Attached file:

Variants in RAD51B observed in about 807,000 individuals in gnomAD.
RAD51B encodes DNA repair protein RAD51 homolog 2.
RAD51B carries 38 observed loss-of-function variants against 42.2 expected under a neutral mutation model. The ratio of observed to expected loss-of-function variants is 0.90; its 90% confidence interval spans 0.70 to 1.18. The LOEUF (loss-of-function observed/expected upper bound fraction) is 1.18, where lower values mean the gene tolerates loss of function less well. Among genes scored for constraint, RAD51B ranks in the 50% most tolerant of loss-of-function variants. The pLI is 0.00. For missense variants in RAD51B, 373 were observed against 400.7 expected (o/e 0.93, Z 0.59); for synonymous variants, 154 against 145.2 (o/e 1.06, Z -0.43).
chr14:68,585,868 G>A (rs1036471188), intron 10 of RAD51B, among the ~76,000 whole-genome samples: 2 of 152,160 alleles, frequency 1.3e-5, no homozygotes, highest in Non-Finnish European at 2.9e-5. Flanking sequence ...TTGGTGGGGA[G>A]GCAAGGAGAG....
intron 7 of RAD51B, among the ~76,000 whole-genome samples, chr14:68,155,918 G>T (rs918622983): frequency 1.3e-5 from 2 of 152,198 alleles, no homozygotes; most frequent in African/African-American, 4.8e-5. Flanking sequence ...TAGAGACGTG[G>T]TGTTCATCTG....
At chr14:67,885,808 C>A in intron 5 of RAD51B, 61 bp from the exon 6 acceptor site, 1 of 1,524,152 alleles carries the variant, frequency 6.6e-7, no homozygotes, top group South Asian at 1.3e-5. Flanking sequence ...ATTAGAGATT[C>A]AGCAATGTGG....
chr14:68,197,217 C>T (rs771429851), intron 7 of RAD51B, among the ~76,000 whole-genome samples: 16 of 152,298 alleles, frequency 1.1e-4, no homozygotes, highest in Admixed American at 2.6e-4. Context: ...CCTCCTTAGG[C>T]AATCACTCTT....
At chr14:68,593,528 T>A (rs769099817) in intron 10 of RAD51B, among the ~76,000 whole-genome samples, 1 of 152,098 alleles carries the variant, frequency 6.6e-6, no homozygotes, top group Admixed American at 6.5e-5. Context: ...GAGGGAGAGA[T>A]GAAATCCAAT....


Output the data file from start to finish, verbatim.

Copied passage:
Variants in RAD51B observed in about 807,000 individuals in gnomAD.
RAD51B encodes DNA repair protein RAD51 homolog 2.
RAD51B carries 38 observed loss-of-function variants against 42.2 expected under a neutral mutation model. The ratio of observed to expected loss-of-function variants is 0.90; its 90% confidence interval spans 0.70 to 1.18. The LOEUF (loss-of-function observed/expected upper bound fraction) is 1.18, where lower values mean the gene tolerates loss of function less well. Among genes scored for constraint, RAD51B ranks in the 50% most tolerant of loss-of-function variants. The pLI is 0.00. For missense variants in RAD51B, 373 were observed against 400.7 expected (o/e 0.93, Z 0.59); for synonymous variants, 154 against 145.2 (o/e 1.06, Z -0.43).
chr14:68,585,868 G>A (rs1036471188), intron 10 of RAD51B, among the ~76,000 whole-genome samples: 2 of 152,160 alleles, frequency 1.3e-5, no homozygotes, highest in Non-Finnish European at 2.9e-5. Flanking sequence ...TTGGTGGGGA[G>A]GCAAGGAGAG....
intron 7 of RAD51B, among the ~76,000 whole-genome samples, chr14:68,155,918 G>T (rs918622983): frequency 1.3e-5 from 2 of 152,198 alleles, no homozygotes; most frequent in African/African-American, 4.8e-5. Flanking sequence ...TAGAGACGTG[G>T]TGTTCATCTG....
At chr14:67,885,808 C>A in intron 5 of RAD51B, 61 bp from the exon 6 acceptor site, 1 of 1,524,152 alleles carries the variant, frequency 6.6e-7, no homozygotes, top group South Asian at 1.3e-5. Flanking sequence ...ATTAGAGATT[C>A]AGCAATGTGG....
chr14:68,197,217 C>T (rs771429851), intron 7 of RAD51B, among the ~76,000 whole-genome samples: 16 of 152,298 alleles, frequency 1.1e-4, no homozygotes, highest in Admixed American at 2.6e-4. Context: ...CCTCCTTAGG[C>T]AATCACTCTT....
At chr14:68,593,528 T>A (rs769099817) in intron 10 of RAD51B, among the ~76,000 whole-genome samples, 1 of 152,098 alleles carries the variant, frequency 6.6e-6, no homozygotes, top group Admixed American at 6.5e-5. Context: ...GAGGGAGAGA[T>A]GAAATCCAAT....